This may be true, as this euphoria after the second place finish at London can turn out to be double edged sword. It can boost the morale of the players but can also put them under severe pressure. Sometimes, it is better to have an underdog tag because then the team is not on the radar of other title contenders. It gives a chance to prepare quietly without being under constant glare.

Another former captain Zafar Iqbal, who led India at the 1984 Los Angeles Olympics also echoed Pargat’s view saying that though he was mighty pleased with this show, India will now have to be circumspect more.

“I am impressed because the team played some excellent hockey and they tested the might of Australia in the final. It was pleasing to see players maintaining their cool and never getting ruffled, while the Australians were flustered and panicky. They also tended to be physical,” he added to good measure.

How we handle that pressure at the Olympics will be very crucial.  Olympics is at a different level altogether. Teams will come with different tactics and players, so one cannot compare these two events. India finishing second in London does not obviously mean that it will be second at Rio.

 There are some views that Australia and Germany did not send their full teams; but the statistic tells us a different story. Australia had 11 of the 18 players who played in the 2014 Champions Trophy. Similarly, Britain had 13 players, Belgium 15 and Germany had 7 players who figured in the last edition of the competition. India were without their regular skipper ace midfielder Sardar Singh and drag flicker Rupinder Pal Singh. 

Coach Roelant Oltmans’ decision to give chance to some promising youngsters yielded handsome results. Harmanpreet, Mandeep Singh, Surender Kumar and Pradeep Mor were very impressive on the field. Defender Harmanpreet was even named the Best Junior Player of the tournament.

Off the field, India’s 6th foreign coach, Roelant Oltmans, is turning out to be a lucky mascot. One hopes he will be able to guide the team to a podium finish at Rio or at least end among the first six. Oltmans, who is being  praised by all and sundry for the team’s showing, must be aware about the fate that previous foreign coaches met after their failure to live up to the huge expectations of the people and federation.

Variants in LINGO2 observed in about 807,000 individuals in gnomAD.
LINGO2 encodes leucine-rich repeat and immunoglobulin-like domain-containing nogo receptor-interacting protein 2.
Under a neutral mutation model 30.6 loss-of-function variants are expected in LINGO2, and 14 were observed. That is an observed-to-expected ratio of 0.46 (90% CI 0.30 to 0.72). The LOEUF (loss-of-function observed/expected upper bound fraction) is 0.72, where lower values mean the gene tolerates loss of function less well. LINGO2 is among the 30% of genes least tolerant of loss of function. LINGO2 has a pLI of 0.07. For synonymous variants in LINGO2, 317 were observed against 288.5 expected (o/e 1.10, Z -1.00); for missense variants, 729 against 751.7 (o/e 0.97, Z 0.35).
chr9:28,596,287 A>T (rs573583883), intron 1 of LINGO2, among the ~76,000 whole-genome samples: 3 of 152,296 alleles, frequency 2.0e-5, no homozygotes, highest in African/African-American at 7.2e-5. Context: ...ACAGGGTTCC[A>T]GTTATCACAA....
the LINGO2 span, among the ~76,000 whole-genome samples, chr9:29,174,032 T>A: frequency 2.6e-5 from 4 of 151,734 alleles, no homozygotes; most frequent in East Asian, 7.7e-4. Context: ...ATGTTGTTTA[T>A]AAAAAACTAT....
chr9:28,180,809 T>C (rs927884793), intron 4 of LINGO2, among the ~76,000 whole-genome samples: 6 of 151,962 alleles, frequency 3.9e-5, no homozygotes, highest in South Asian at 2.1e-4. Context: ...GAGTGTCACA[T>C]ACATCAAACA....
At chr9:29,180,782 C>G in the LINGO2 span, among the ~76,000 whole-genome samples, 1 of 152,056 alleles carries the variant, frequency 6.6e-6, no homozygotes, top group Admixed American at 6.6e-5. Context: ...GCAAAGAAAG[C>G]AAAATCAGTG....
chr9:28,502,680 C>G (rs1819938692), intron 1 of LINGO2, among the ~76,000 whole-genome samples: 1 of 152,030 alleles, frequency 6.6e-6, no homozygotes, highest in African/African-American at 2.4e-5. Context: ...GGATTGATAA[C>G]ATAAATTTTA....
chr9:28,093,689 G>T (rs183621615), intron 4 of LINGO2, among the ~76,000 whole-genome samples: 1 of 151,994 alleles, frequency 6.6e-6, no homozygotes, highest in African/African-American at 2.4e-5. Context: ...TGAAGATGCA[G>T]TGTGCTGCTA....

His predecessors – Gerard Rach, Jose Brasa, Michael Nobbs, Terry Walsh and Paul Van Ass – all were either sacked or forced to quit. The 61 year old Dutchman was initially appointed Director High Performance but after the sacking of Van Ass last year, Hockey India named him the coach of the men’s national team till the Rio Olympics. His tenure is likely to be extended if the team does well at the Games.

Oltmans who has also coached the Dutch and Pakistan teams, was justified in his jubilation saying, “The way India performed in the title contest has boosted our faith of a fine show in the Olympics. I'm delighted with my team. By all yardsticks, their performance in the final was outstanding. I am proud of what we've been doing as a team. Our performance is getting better with every tournament. Any coach would be absolutely pleased with this Indian show.” He added, "We'll use the confidence gained here at the Champions Trophy to give a better display in the Olympic Games at Rio de Janeiro."

There is no gainsaying the fact that Indian hockey is at a crossroads. After several decades, it is on the verge of a spectacular take off. The nation will wait expectantly for the Olympics to see if the storm in this teacup becomes a tempest or not.   

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Issue Dated: Feb 5, 2017